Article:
History of Chelation and EDTA
The Beginning of Chelation Chemistry
The father of modern biochemistry was the French-Swiss chemist, Alfred Werner; who in 1893 developed the theory of coordination compounds, today referred to as chelates. For this turning point in reclassifying inorganic chemical compounds, Werner received the Nobel Prize in 1913. He went on to create accounting for the process by which metals bind to organic molecules, which is the basis for chelation chemistry.
The first applications of Werner's monumental discovery were in the field of industrial production. Starting in the 1920's, many new materials such as paints were introduced, and in their manufacturing the elimination of heavy metal contamination was crucial. Citric acid was found to be helpful, but in the mid 1930's Germany was motivated to develop its own chelating material and not be dependent on importing citric acid. The synthetic substance they invented was EDTA (Ethylene-diamine-tetra-acetate). While the Germans created EDTA for their own purposes, they produced more than they could use and chose to sell it for industrial use in the global market.
When EDTA was first introduced on the market, medical applications were not yet being considered. However, with war approaching, military workers were looking for possible antidotes for the poison gases that posed an imminent threat. England�s experience with poison gasses during World War I prompted researchers at Oxford University to find a chelating substance that could diminish the effects of poison gas exposure.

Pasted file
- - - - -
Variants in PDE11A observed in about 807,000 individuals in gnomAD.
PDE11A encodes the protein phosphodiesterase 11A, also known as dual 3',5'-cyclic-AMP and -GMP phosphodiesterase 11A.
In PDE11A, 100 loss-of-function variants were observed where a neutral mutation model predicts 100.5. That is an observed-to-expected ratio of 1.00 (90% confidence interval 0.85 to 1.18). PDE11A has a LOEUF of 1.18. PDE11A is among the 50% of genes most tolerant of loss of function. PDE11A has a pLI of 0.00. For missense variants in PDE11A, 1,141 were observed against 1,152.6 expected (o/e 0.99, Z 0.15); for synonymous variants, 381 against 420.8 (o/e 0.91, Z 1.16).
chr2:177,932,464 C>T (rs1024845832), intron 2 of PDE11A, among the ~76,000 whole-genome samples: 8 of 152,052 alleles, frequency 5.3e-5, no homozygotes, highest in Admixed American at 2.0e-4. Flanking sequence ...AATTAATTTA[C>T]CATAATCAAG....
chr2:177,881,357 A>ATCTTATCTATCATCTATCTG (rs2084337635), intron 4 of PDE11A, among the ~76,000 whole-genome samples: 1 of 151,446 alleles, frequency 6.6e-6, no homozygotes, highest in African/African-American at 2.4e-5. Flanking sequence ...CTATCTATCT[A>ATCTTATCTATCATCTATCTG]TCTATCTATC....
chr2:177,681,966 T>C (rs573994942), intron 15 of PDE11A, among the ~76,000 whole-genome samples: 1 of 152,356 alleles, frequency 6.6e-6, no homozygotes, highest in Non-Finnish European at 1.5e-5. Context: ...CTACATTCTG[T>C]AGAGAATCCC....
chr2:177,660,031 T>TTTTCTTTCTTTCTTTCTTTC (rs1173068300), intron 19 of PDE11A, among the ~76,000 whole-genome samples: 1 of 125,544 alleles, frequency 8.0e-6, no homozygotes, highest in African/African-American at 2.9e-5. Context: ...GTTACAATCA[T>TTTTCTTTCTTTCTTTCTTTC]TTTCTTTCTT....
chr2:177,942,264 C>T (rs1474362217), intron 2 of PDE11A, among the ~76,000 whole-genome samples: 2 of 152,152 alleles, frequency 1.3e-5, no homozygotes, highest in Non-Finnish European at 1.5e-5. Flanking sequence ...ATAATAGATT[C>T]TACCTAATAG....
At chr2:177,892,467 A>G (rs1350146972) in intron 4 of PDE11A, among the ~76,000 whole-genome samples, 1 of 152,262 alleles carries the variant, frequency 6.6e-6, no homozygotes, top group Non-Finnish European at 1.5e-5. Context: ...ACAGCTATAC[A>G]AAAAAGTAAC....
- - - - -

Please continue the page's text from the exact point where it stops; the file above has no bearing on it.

After World War II, the new threat was atomic warfare. At the time, EDTA was starting to gain recognition for its effective cleansing of toxic materials from the body. As it was found to be more reliable than the British chelation materials that had been previously devised, the United States of America began producing and stockpiling large quantities of EDTA.
In 1983, the formation of the American Board of Chelation Therapy was formed to set parameters for the education and testing of physicians for competence in the administration of EDTA chelation.